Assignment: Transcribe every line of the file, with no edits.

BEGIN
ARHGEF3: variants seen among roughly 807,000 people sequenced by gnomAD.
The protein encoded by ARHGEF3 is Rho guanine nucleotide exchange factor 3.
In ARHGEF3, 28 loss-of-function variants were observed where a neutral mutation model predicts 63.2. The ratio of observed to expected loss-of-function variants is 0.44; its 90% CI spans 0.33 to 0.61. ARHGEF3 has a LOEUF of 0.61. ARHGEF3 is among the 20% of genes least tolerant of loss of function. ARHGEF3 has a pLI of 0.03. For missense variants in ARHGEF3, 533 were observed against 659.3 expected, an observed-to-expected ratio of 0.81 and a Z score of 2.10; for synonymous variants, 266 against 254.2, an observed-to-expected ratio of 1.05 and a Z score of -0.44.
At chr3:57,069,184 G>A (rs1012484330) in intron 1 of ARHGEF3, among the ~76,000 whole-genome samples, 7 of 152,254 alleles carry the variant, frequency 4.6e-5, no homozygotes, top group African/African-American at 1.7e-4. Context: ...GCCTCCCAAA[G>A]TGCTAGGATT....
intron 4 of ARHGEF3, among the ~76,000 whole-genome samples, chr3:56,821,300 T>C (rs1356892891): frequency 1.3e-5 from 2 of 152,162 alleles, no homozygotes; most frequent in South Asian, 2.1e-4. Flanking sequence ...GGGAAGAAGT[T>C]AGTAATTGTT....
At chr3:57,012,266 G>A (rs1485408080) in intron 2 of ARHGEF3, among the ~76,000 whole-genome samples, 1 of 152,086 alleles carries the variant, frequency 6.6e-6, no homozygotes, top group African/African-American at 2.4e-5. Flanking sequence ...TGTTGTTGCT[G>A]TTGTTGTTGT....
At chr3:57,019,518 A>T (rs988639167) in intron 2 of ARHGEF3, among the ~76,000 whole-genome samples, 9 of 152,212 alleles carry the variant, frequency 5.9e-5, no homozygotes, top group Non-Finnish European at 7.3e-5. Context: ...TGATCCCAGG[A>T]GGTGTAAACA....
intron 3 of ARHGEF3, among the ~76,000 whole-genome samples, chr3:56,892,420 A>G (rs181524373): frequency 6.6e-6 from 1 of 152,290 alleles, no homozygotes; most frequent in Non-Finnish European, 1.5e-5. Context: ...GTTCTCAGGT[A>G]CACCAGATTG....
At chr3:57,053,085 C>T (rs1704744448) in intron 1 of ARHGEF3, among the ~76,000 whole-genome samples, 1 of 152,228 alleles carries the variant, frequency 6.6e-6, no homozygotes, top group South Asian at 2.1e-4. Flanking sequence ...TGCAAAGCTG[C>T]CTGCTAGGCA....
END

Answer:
ARHGEF3: variants seen among roughly 807,000 people sequenced by gnomAD.
The protein encoded by ARHGEF3 is Rho guanine nucleotide exchange factor 3.
In ARHGEF3, 28 loss-of-function variants were observed where a neutral mutation model predicts 63.2. The ratio of observed to expected loss-of-function variants is 0.44; its 90% CI spans 0.33 to 0.61. ARHGEF3 has a LOEUF of 0.61. ARHGEF3 is among the 20% of genes least tolerant of loss of function. ARHGEF3 has a pLI of 0.03. For missense variants in ARHGEF3, 533 were observed against 659.3 expected, an observed-to-expected ratio of 0.81 and a Z score of 2.10; for synonymous variants, 266 against 254.2, an observed-to-expected ratio of 1.05 and a Z score of -0.44.
At chr3:57,069,184 G>A (rs1012484330) in intron 1 of ARHGEF3, among the ~76,000 whole-genome samples, 7 of 152,254 alleles carry the variant, frequency 4.6e-5, no homozygotes, top group African/African-American at 1.7e-4. Context: ...GCCTCCCAAA[G>A]TGCTAGGATT....
intron 4 of ARHGEF3, among the ~76,000 whole-genome samples, chr3:56,821,300 T>C (rs1356892891): frequency 1.3e-5 from 2 of 152,162 alleles, no homozygotes; most frequent in South Asian, 2.1e-4. Flanking sequence ...GGGAAGAAGT[T>C]AGTAATTGTT....
At chr3:57,012,266 G>A (rs1485408080) in intron 2 of ARHGEF3, among the ~76,000 whole-genome samples, 1 of 152,086 alleles carries the variant, frequency 6.6e-6, no homozygotes, top group African/African-American at 2.4e-5. Flanking sequence ...TGTTGTTGCT[G>A]TTGTTGTTGT....
At chr3:57,019,518 A>T (rs988639167) in intron 2 of ARHGEF3, among the ~76,000 whole-genome samples, 9 of 152,212 alleles carry the variant, frequency 5.9e-5, no homozygotes, top group Non-Finnish European at 7.3e-5. Context: ...TGATCCCAGG[A>T]GGTGTAAACA....
intron 3 of ARHGEF3, among the ~76,000 whole-genome samples, chr3:56,892,420 A>G (rs181524373): frequency 6.6e-6 from 1 of 152,290 alleles, no homozygotes; most frequent in Non-Finnish European, 1.5e-5. Context: ...GTTCTCAGGT[A>G]CACCAGATTG....
At chr3:57,053,085 C>T (rs1704744448) in intron 1 of ARHGEF3, among the ~76,000 whole-genome samples, 1 of 152,228 alleles carries the variant, frequency 6.6e-6, no homozygotes, top group South Asian at 2.1e-4. Flanking sequence ...TGCAAAGCTG[C>T]CTGCTAGGCA....